Knoblauch v. Commissioner, 749 F.2d 200, 201 (5 th Cir. 1984), cert. denied, 474 U.S. 830 (1986) - The court rejected the contention that the Sixteenth Amendment was not constitutionally adopted as "totally without merit" and imposed monetary sanctions against Knoblauch based on the frivolousness of his appeal. "Every court that has considered this argument has rejected it," the court observed.
United States v. Foster, 789 F.2d 457 (7 th Cir.), cert. denied, 479 U.S. 883 (1986) - The court affirmed Foster's conviction for tax evasion, failing to file a return, and filing a false W-4 statement, rejecting his claim that the Sixteenth Amendment was never properly ratified.
Contention: The Sixteenth Amendment does not authorize a direct non-apportioned federal income tax on United States citizens.
Some assert that the Sixteenth Amendment does not authorize a direct non-apportioned income tax and thus, U.S. citizens and residents are not subject to federal income tax laws.
The courts have both implicitly and explicitly recognized that the Sixteenth Amendment authorizes a non-apportioned direct income tax on United States citizens and that the federal tax laws as applied are valid. In United States v. Collins, 920 F.2d 619, 629 (10 th Cir. 1990), cert. denied, 500 U.S. 920 (1991), the court cited Brushaber v. Union Pac. R.R., 240 U.S. 1, 12-19 (1916), and noted that the U.S. Supreme Court has recognized that the "Sixteenth Amendment authorizes a direct nonapportioned tax upon United States citizens throughout the nation."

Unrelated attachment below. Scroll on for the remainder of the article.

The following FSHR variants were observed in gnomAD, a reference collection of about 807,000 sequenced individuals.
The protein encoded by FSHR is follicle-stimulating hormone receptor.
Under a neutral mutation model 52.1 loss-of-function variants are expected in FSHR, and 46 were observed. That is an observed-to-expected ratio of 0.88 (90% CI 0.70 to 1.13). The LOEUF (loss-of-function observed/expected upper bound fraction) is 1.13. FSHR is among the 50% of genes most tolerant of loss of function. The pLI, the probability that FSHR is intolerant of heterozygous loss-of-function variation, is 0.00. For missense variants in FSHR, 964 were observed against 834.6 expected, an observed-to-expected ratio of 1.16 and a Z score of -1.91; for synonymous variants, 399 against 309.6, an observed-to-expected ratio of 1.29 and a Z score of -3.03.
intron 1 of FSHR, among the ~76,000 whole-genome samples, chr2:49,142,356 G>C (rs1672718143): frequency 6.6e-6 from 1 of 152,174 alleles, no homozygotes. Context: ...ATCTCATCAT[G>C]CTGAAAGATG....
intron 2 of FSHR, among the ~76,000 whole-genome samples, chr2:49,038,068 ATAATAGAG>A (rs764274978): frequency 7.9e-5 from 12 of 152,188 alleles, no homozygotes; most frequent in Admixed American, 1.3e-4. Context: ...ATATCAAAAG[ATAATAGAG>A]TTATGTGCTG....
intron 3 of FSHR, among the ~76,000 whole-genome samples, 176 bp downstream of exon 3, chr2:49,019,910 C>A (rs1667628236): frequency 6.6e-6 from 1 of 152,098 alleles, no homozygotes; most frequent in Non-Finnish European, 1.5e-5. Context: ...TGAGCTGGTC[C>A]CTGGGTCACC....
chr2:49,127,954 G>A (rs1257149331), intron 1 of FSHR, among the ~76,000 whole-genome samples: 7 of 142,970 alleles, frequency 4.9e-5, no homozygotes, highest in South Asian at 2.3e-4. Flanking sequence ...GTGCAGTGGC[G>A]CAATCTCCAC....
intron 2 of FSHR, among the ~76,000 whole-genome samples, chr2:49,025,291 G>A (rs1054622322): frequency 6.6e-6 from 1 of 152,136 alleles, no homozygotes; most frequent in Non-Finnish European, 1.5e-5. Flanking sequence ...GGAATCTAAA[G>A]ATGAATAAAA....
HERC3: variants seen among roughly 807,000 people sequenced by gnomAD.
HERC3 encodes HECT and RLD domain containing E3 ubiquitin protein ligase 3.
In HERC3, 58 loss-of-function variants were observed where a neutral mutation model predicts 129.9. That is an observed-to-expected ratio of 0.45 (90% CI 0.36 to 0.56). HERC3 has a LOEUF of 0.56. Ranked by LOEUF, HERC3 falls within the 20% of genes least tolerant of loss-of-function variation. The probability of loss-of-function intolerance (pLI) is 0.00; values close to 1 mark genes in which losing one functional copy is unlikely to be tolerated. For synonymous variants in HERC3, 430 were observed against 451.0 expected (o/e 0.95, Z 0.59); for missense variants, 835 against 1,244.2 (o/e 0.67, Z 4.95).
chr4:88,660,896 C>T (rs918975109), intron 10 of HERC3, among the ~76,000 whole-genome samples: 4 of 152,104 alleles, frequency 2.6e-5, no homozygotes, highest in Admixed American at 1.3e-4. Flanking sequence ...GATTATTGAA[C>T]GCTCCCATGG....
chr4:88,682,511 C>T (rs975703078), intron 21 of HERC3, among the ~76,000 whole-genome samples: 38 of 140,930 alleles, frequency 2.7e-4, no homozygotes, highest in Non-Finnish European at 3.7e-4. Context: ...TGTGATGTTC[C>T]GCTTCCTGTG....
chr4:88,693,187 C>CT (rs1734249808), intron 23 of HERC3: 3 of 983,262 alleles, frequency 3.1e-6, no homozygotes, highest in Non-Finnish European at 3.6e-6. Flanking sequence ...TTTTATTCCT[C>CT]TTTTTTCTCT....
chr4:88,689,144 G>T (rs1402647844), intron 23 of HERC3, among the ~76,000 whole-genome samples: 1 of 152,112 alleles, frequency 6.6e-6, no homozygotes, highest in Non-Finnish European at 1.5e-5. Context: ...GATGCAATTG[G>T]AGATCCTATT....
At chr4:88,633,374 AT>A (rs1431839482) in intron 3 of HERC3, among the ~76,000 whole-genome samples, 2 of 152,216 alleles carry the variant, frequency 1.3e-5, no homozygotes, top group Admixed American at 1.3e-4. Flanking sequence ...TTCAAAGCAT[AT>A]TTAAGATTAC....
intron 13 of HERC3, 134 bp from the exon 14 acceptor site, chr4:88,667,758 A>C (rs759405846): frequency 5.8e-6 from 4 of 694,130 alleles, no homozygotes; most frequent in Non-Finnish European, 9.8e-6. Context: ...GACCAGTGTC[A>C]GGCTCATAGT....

Relevant Case Law:
In re Becraft, 885 F.2d 547 (9 th Cir. 1989) - The court affirmed a failure to file conviction, rejecting the taxpayer's frivolous position that the Sixteenth Amendment does not authorize a direct non-apportioned income tax.
Lovell v. United States, 755 F.2d 517, 518 (7 th Cir. 1984) - The court rejected the argument that the Constitution prohibits imposition of a direct tax without apportionment, and upheld the district court's frivolous return penalty assessment and the award of attorneys' fees to the government "because [the taxpayers'] legal position was patently frivolous." The appeals court imposed additional sanctions for pursuing "frivolous arguments in bad faith."
Broughton v. United States, 632 F.2d 706 (8 th Cir. 1980) - The court rejected a refund suit, stating that the Sixteenth Amendment authorizes imposition of an income tax without apportionment among the states.